A few weeks back, we looked at several 3D printed objects that can help reduce cost in your laboratory. 3D printers have the potential not only to help scientists produce their own cheap consumables, but can also make complex, innovative tools. Advanced 3D printer users have access to myriad opportunities to expand their research. Here are 3 of our favorite advance 3D printing projects for scientists.
A Fully Printable Microscope: It may not be the highest quality microscope on the market, but this 3D printed beauty is perfect for taking into the field, the classroom, or anywhere else that you need a microscope but don’t want to risk your expensive, high-end models.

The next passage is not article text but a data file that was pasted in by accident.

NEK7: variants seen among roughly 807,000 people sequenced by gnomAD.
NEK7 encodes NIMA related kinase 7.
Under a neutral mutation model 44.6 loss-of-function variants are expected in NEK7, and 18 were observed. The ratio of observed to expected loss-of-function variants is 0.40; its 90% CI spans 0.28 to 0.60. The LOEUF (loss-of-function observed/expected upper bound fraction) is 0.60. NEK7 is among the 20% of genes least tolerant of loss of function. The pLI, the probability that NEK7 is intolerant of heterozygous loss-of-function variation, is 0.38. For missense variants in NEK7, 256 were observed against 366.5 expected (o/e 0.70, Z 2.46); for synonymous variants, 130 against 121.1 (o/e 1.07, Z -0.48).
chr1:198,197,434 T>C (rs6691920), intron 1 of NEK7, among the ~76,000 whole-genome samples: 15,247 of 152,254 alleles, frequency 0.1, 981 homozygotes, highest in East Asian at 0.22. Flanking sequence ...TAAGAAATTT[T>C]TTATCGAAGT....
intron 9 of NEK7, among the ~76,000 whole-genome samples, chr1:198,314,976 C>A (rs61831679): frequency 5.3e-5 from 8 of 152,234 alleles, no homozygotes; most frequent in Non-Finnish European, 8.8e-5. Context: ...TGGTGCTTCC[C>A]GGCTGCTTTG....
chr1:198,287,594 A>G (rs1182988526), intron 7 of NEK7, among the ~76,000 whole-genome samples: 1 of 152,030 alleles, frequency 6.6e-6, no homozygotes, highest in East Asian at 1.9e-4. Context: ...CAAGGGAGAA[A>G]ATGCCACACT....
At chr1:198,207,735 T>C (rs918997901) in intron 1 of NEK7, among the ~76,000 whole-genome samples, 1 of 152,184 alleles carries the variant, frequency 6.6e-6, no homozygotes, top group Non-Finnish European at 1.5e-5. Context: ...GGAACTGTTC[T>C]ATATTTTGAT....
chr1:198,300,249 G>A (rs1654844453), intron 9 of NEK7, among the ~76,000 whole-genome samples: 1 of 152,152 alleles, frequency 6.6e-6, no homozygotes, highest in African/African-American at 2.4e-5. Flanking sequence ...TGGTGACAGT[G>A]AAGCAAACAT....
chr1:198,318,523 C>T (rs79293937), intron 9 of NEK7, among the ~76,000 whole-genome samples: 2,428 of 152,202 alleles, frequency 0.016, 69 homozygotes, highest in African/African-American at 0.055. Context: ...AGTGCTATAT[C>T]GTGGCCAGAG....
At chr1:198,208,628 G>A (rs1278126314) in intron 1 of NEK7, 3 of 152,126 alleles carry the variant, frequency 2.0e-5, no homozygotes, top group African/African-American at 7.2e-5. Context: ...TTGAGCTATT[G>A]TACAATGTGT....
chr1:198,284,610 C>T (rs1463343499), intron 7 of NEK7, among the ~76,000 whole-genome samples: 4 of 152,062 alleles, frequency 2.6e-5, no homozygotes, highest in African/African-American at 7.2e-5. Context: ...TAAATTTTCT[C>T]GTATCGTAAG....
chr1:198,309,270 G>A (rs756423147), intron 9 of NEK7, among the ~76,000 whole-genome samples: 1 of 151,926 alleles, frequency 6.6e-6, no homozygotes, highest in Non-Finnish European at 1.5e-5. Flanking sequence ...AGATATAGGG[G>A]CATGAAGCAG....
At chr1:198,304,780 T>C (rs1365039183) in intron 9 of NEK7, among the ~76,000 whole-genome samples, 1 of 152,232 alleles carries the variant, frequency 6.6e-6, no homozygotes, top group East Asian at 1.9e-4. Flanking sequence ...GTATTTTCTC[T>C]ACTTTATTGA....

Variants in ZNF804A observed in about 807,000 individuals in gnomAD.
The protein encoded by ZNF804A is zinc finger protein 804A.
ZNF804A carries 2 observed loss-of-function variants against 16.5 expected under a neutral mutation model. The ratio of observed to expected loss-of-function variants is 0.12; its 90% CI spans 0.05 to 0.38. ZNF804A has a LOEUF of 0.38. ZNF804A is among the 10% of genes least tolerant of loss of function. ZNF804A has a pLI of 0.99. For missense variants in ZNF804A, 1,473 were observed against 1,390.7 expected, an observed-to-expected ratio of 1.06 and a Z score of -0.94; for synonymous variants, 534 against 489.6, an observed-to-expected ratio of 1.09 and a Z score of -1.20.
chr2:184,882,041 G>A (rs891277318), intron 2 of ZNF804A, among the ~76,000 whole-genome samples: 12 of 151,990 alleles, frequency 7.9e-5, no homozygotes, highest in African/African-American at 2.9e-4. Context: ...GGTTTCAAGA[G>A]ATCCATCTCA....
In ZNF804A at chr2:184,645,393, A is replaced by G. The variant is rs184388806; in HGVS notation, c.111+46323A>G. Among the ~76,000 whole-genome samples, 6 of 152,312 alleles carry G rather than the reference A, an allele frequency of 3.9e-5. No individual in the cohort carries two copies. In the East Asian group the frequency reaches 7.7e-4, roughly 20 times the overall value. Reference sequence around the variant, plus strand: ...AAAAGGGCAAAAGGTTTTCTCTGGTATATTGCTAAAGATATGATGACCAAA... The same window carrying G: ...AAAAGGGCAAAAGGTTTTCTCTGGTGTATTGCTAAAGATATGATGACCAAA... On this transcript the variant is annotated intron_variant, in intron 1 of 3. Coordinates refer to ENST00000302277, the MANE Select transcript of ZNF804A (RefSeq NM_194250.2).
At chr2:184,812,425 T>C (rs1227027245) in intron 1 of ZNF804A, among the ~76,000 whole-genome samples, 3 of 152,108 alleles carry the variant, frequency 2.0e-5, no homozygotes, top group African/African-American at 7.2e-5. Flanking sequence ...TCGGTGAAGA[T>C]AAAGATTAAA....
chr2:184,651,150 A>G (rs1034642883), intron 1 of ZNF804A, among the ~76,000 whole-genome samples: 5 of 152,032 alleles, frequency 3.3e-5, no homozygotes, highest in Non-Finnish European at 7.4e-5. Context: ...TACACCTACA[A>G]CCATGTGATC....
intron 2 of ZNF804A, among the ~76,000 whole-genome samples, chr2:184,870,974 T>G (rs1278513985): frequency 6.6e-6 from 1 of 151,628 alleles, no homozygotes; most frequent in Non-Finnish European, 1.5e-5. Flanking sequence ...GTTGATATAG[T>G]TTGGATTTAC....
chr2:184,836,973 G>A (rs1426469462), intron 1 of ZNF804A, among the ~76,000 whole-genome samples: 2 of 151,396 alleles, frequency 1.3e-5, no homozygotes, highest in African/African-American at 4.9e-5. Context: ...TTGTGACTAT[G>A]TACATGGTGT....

Swiss Army Tube Block of Science: An awesome tube rack that can handle all six common sizes for sample tubes – 0.2mL, 0.5mL, 1.5/2mL, 5.0mL, 15mL, and 50mL. This is an incredibly handy item to have around the lab for those big, multi-volume projects.
Open Source Orbital Shaker: Commercial shakers can run upwards of $1500. This open source orbital shaker, built from 3D printed parts, common off-the-shelf materials, and easy to find electronics, costs less than $150. Check out this video of the shaker in action: